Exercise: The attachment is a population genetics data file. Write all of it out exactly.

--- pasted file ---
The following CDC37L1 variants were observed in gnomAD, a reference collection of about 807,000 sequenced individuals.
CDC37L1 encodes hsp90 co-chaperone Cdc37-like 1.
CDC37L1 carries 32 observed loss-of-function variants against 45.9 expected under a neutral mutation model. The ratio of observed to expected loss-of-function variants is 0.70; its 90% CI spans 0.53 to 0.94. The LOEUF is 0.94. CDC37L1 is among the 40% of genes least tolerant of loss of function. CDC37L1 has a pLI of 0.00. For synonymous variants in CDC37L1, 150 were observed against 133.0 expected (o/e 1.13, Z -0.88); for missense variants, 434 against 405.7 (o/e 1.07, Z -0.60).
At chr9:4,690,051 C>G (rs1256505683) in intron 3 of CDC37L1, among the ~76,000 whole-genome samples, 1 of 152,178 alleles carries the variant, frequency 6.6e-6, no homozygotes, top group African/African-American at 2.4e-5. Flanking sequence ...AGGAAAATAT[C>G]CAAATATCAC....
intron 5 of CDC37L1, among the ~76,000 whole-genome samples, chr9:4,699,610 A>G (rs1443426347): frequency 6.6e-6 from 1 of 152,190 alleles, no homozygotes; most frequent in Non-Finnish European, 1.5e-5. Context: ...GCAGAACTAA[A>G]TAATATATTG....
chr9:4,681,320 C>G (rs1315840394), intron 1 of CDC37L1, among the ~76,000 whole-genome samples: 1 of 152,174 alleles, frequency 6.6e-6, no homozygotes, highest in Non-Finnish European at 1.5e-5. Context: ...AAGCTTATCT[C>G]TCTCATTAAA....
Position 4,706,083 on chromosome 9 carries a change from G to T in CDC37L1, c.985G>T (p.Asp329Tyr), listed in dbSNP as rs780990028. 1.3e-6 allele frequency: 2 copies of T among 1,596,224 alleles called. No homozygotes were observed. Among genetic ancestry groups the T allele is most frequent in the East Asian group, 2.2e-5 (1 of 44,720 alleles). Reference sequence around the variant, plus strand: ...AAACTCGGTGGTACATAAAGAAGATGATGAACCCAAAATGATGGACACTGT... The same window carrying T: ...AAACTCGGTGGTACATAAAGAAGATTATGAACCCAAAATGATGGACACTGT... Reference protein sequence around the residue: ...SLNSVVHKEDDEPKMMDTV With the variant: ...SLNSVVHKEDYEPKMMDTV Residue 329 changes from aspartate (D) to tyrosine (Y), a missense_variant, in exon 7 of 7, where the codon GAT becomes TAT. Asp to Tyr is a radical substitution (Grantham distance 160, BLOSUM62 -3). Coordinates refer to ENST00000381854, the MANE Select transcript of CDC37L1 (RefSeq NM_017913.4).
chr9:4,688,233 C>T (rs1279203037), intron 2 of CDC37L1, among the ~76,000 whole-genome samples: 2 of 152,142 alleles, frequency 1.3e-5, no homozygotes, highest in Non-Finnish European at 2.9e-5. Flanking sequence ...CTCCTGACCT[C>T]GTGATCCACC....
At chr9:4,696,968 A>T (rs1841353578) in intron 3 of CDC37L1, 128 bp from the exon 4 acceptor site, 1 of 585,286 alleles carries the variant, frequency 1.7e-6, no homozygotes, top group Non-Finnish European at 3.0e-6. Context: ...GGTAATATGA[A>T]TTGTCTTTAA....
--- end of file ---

The following CDC37L1 variants were observed in gnomAD, a reference collection of about 807,000 sequenced individuals.
CDC37L1 encodes hsp90 co-chaperone Cdc37-like 1.
CDC37L1 carries 32 observed loss-of-function variants against 45.9 expected under a neutral mutation model. The ratio of observed to expected loss-of-function variants is 0.70; its 90% CI spans 0.53 to 0.94. The LOEUF is 0.94. CDC37L1 is among the 40% of genes least tolerant of loss of function. CDC37L1 has a pLI of 0.00. For synonymous variants in CDC37L1, 150 were observed against 133.0 expected (o/e 1.13, Z -0.88); for missense variants, 434 against 405.7 (o/e 1.07, Z -0.60).
At chr9:4,690,051 C>G (rs1256505683) in intron 3 of CDC37L1, among the ~76,000 whole-genome samples, 1 of 152,178 alleles carries the variant, frequency 6.6e-6, no homozygotes, top group African/African-American at 2.4e-5. Flanking sequence ...AGGAAAATAT[C>G]CAAATATCAC....
intron 5 of CDC37L1, among the ~76,000 whole-genome samples, chr9:4,699,610 A>G (rs1443426347): frequency 6.6e-6 from 1 of 152,190 alleles, no homozygotes; most frequent in Non-Finnish European, 1.5e-5. Context: ...GCAGAACTAA[A>G]TAATATATTG....
chr9:4,681,320 C>G (rs1315840394), intron 1 of CDC37L1, among the ~76,000 whole-genome samples: 1 of 152,174 alleles, frequency 6.6e-6, no homozygotes, highest in Non-Finnish European at 1.5e-5. Context: ...AAGCTTATCT[C>G]TCTCATTAAA....
Position 4,706,083 on chromosome 9 carries a change from G to T in CDC37L1, c.985G>T (p.Asp329Tyr), listed in dbSNP as rs780990028. 1.3e-6 allele frequency: 2 copies of T among 1,596,224 alleles called. No homozygotes were observed. Among genetic ancestry groups the T allele is most frequent in the East Asian group, 2.2e-5 (1 of 44,720 alleles). Reference sequence around the variant, plus strand: ...AAACTCGGTGGTACATAAAGAAGATGATGAACCCAAAATGATGGACACTGT... The same window carrying T: ...AAACTCGGTGGTACATAAAGAAGATTATGAACCCAAAATGATGGACACTGT... Reference protein sequence around the residue: ...SLNSVVHKEDDEPKMMDTV With the variant: ...SLNSVVHKEDYEPKMMDTV Residue 329 changes from aspartate (D) to tyrosine (Y), a missense_variant, in exon 7 of 7, where the codon GAT becomes TAT. Asp to Tyr is a radical substitution (Grantham distance 160, BLOSUM62 -3). Coordinates refer to ENST00000381854, the MANE Select transcript of CDC37L1 (RefSeq NM_017913.4).
chr9:4,688,233 C>T (rs1279203037), intron 2 of CDC37L1, among the ~76,000 whole-genome samples: 2 of 152,142 alleles, frequency 1.3e-5, no homozygotes, highest in Non-Finnish European at 2.9e-5. Flanking sequence ...CTCCTGACCT[C>T]GTGATCCACC....
At chr9:4,696,968 A>T (rs1841353578) in intron 3 of CDC37L1, 128 bp from the exon 4 acceptor site, 1 of 585,286 alleles carries the variant, frequency 1.7e-6, no homozygotes, top group Non-Finnish European at 3.0e-6. Context: ...GGTAATATGA[A>T]TTGTCTTTAA....